A Literary Magazine in Support of the Jewish Community

Back to Issue Five


Two Poems by Kenneth Pobo

Bobolinko Can't Shoot

If I decide I must shoot someone,

I hope I’m on a staircase

wearing beautiful clothes


in dim light. I fear guns,

but when I saw Bette Davis

shoot Claude Rains in Deception,


I pictured myself as Bette,

not Claude. In high school

my neighbor, Mr. Saunders,


tried to teach me how

to shoot. We put tin cans up

in a field


that became a golf course.

My aim failed. He said I just

didn’t have it. I didn’t.


If I were on a staircase,

I’d crumble, probably give

Claude the gun and apologize.


In beautiful clothes.

In dim light.

Maybe some dramatic music.

The One Time

that Bobolinko got caught stealing

was when he was twelve

in the Save-More Food Store.

He put a Butterfingers candy bar

discreetly in his jacket pocket,

the light blue jacket that

his mom said matched his eyes,

walked past the cashier, and almost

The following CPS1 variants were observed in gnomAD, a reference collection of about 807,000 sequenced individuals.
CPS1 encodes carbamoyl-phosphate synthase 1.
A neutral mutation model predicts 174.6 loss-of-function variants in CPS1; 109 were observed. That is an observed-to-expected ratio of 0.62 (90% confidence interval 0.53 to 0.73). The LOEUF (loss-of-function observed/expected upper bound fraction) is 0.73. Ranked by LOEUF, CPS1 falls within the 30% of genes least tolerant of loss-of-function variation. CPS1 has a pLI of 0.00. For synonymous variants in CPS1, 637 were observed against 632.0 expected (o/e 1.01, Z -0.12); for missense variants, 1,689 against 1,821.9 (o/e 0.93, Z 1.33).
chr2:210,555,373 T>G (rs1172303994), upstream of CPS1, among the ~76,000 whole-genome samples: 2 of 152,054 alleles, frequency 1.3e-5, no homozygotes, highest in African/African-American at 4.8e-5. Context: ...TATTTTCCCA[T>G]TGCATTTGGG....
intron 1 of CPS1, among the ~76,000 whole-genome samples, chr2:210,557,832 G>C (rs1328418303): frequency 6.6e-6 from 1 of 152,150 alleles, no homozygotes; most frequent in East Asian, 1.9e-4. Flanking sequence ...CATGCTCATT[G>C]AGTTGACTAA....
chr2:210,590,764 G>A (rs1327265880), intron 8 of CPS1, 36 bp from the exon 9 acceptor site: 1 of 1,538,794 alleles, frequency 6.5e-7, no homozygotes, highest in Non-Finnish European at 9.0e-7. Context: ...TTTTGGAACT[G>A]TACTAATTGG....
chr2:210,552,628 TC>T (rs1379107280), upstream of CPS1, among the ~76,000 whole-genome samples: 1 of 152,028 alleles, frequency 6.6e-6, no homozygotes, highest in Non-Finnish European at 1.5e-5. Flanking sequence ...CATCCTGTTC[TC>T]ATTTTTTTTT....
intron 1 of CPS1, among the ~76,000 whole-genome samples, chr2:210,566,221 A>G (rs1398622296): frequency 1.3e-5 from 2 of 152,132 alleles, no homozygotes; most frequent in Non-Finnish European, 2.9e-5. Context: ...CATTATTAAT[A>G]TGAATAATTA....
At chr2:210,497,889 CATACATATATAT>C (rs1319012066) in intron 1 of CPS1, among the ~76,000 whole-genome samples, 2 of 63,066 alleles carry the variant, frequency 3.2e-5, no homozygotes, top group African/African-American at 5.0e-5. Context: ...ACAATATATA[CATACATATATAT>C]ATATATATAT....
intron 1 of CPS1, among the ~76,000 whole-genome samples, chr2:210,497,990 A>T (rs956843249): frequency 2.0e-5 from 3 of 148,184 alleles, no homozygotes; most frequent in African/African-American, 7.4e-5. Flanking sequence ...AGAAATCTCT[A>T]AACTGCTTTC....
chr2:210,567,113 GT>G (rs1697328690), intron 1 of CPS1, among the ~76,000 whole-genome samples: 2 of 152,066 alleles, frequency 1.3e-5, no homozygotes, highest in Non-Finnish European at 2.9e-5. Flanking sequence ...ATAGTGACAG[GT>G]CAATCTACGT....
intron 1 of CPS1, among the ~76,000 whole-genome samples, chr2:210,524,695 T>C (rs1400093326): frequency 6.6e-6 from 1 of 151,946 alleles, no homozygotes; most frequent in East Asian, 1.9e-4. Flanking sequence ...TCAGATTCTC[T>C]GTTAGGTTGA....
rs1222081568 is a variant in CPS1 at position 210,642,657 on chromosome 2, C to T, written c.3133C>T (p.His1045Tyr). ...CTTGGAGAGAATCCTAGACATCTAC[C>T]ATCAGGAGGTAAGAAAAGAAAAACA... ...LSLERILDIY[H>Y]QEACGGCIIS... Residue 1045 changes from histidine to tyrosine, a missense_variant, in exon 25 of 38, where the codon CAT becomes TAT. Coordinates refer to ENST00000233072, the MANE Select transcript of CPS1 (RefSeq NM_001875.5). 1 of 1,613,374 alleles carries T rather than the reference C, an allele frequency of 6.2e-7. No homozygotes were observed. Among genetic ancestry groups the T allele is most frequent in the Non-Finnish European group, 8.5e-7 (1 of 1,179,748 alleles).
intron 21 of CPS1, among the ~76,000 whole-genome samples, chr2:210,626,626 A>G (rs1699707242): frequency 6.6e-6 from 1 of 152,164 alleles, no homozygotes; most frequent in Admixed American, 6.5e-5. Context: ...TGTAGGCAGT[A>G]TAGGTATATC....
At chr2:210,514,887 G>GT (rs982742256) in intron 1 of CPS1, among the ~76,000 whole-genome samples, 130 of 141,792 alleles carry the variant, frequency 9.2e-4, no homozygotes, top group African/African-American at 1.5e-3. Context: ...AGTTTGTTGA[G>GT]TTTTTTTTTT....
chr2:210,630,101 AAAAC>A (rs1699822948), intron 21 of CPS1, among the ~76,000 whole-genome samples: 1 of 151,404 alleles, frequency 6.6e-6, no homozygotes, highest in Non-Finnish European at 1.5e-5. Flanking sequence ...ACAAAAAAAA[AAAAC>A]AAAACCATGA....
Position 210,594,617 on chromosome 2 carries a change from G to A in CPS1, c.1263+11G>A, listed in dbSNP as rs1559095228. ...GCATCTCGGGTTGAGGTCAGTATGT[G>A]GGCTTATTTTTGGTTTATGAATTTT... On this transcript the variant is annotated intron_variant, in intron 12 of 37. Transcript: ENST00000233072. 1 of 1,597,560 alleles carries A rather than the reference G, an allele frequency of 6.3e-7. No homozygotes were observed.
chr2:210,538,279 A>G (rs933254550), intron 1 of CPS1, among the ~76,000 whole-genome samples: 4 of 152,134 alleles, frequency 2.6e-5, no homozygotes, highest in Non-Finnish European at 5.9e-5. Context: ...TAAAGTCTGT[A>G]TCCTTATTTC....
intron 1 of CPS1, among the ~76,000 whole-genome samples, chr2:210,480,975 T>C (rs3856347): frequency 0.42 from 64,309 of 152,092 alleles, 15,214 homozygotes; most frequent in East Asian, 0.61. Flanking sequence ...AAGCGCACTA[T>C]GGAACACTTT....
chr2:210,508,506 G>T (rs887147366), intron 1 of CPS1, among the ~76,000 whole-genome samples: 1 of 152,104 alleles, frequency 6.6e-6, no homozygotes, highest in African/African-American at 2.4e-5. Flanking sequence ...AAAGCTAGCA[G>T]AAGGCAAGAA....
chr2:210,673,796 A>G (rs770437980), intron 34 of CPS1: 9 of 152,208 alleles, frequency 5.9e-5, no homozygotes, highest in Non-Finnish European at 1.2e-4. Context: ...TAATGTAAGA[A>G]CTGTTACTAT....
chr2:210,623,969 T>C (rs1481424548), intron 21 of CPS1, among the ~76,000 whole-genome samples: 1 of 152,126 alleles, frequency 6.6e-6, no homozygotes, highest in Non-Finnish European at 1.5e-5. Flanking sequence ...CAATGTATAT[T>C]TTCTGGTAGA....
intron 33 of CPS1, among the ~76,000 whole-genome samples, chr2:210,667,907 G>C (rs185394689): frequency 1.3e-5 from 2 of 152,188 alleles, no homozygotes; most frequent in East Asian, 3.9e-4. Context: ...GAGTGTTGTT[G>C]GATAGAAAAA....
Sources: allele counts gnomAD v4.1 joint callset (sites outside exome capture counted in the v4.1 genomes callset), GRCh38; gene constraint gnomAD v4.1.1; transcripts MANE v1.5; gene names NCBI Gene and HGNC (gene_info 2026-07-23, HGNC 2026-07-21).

out the door which the electric eye


opened. The store’s boss,

Mr. Feeney, ran up behind him

and said he saw what Bobolinko did.

Feeney called his parents. Bobolinko

apologized and took his two-week

grounding with grace. Still,

he craved a Butterfingers,

which his parents wouldn’t buy him

as they worried about cavities.

And the mortgage. And the Buick.

And the broken air conditioner.


Bobolinko cursed his sweet tooth

and wondered if his future

was wanting what he can’t have,

a hunger, something that burns

even when asleep.

Kenneth Pobo

Kenneth Pobo is the author of twenty-one chapbooks and nine full-length collections. Recent books include Bend of Quiet (Blue Light Press), Loplop in a Red City (Circling Rivers), Uneven Steven (Assure Press), Sore Points (Finishing Line Press), Lilac and Sawdust (Meadowlark Press) and Lavender Fire, Lavender Rose (BrickHouse Books). Opening is forthcoming from Rectos Y Versos Editions. Human rights issues, especially as they relate to the LGBTQIA+ community, are also a constant presence in his work. In addition to poetry, he also writes fiction and essays. For the past thirty-plus years he taught at Widener University and retired in 2020.



Kenneth Pobo